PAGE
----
Example: In Washington State, research suggested that the vast majority of drug users were not aware of the new Good Samaritan law a year after its passage. The State Attorney General was featured in a press conference when the law took effect and he and the medical director of the Poison Control Center appeared in a radio public service announcement to share information about the law. The launch of the video was accompanied by a wide-ranging media campaign to educate the public about the provisions and benefits of the Good Samaritan law. The Seattle Police Department also created a video to be shown at roll call to all patrol officers that featured the narcotics captain, a county prosecutor and the medical director of public health. The video addressed what the law does and does not cover, the basics of what naloxone is, and the fact that public health programs would be distributing naloxone. To address their concerns, community members receiving naloxone were informed that police have received education about the Good Samaritan law and naloxone distribution efforts.
Veterans, residents of rural and tribal areas, recently-released inmates, people completing drug treatment/detox programs, and some young adults are at an especially high risk of opioid overdose. Law enforcement and correctional officers are uniquely positioned to engage in initiatives targeting these high-risk groups, thereby helping prevent fatalities by engaging in outreach initiatives. Individuals re-entering society after a period of incarceration are especially vulnerable. In the first two weeks, formerly incarcerated individuals are approximately 30 times more likely to die of a drug overdose than members of the general public. A number of programs engage law enforcement and correctional staff in educating this population about overdose risk, how to avoid and respond to overdose, and any provisions covering criminal liability of those who seek help.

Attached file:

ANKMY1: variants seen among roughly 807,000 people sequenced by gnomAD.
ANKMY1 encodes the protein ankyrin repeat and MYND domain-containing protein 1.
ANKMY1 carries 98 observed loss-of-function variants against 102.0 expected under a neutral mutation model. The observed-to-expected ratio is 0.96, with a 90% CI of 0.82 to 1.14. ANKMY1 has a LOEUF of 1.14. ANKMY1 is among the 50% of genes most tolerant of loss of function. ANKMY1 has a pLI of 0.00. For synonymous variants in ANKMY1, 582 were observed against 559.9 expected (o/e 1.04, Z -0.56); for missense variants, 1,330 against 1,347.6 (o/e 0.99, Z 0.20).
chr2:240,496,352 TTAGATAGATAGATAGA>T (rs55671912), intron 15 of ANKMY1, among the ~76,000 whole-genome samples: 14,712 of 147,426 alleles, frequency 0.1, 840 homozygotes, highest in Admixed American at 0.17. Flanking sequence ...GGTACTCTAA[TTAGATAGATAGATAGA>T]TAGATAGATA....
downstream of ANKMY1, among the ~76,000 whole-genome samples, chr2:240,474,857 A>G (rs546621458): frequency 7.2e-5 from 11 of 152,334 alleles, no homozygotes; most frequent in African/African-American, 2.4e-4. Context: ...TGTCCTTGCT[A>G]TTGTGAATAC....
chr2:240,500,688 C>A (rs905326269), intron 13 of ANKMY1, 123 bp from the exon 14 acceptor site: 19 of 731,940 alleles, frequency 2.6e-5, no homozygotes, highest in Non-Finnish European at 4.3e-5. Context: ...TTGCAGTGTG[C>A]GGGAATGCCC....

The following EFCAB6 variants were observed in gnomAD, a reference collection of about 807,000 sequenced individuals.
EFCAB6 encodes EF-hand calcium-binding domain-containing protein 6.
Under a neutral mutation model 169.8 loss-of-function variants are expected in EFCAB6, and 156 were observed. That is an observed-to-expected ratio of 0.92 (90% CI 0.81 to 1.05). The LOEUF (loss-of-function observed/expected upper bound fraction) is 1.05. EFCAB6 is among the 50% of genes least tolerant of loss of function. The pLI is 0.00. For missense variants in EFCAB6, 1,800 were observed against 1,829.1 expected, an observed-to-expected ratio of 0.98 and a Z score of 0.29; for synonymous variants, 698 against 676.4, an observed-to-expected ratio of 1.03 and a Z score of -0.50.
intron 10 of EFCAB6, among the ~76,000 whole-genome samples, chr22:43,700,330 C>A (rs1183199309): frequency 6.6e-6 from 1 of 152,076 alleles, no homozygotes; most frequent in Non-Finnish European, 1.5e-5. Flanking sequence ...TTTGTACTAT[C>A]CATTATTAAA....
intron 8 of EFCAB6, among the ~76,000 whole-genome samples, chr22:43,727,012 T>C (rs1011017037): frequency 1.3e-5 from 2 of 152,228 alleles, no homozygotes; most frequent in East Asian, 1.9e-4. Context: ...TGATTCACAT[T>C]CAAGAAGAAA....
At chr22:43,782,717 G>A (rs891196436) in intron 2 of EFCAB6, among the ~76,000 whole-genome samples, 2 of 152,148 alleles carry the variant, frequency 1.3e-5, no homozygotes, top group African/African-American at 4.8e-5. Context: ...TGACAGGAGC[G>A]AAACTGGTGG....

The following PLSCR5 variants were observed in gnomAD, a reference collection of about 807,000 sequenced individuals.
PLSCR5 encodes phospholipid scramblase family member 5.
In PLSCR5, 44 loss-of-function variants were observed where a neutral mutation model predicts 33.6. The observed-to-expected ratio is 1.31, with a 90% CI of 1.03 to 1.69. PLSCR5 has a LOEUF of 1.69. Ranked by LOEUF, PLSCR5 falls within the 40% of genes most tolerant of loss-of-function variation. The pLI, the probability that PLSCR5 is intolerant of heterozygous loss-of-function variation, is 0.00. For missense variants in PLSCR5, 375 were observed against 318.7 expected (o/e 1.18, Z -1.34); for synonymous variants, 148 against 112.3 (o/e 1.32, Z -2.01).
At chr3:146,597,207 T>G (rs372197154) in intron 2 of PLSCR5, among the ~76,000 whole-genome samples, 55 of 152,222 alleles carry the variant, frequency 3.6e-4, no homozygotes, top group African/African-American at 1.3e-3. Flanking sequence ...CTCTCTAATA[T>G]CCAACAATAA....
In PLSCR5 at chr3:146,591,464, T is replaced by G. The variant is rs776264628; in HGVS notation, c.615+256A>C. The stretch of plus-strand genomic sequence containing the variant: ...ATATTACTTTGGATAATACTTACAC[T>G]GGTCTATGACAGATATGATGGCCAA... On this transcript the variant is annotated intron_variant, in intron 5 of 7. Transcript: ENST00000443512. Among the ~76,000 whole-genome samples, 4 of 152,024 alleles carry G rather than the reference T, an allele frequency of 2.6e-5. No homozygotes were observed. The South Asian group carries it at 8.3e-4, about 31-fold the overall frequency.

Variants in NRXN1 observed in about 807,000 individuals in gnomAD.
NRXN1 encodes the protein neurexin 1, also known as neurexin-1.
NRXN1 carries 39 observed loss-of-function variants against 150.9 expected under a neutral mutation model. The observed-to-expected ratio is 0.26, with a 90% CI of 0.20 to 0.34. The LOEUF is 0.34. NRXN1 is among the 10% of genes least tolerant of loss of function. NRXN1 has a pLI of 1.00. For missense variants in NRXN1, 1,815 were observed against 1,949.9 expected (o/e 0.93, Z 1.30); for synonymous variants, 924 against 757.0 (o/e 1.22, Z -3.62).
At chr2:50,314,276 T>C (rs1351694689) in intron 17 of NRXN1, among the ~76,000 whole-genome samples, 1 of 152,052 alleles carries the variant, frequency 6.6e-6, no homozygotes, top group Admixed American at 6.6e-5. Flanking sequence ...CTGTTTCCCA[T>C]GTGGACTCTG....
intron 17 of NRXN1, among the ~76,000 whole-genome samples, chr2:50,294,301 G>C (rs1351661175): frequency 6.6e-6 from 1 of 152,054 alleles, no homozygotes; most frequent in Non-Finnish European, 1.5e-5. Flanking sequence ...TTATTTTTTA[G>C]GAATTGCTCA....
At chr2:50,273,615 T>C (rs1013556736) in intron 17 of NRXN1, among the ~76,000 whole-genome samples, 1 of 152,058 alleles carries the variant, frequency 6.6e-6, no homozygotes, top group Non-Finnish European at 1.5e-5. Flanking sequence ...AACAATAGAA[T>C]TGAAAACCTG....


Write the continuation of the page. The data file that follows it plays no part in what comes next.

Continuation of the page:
Example: In Rhode Island’s “Staying Alive on the Outside” program, state prisoners are shown a video about overdose risks as part of the pre-release process. Another example is a program at the Allegheny County, PA, jail, where public health and corrections officials present overdose prevention trainings to inmates prior to discharge. At the jail in Kent, Washington pharmacists train inmates and naloxone is placed in their possession for pick up upon release.
Example: In Indiana, local law enforcement worked in partnership with the Drug Enforcement Administration to revise the drug education curriculum delivered in schools to include key information about overdoses. This includes content covering signs and symptoms of overdose, the substances that are likely to cause overdose, and the considerations involved in calling 9-1-1.
Some law enforcement agencies found it helpful to develop pocket cards or brochures that can be easily distributed. Sample pocket cards and brochures are included in the resources below.
The Substance Abuse and Mental Health Services Administration (SAMHSA) Opioid Overdose Prevention Toolkit (2016) provides communities and local governments with material to develop practices and policies to help prevent opioid-related overdoses and deaths.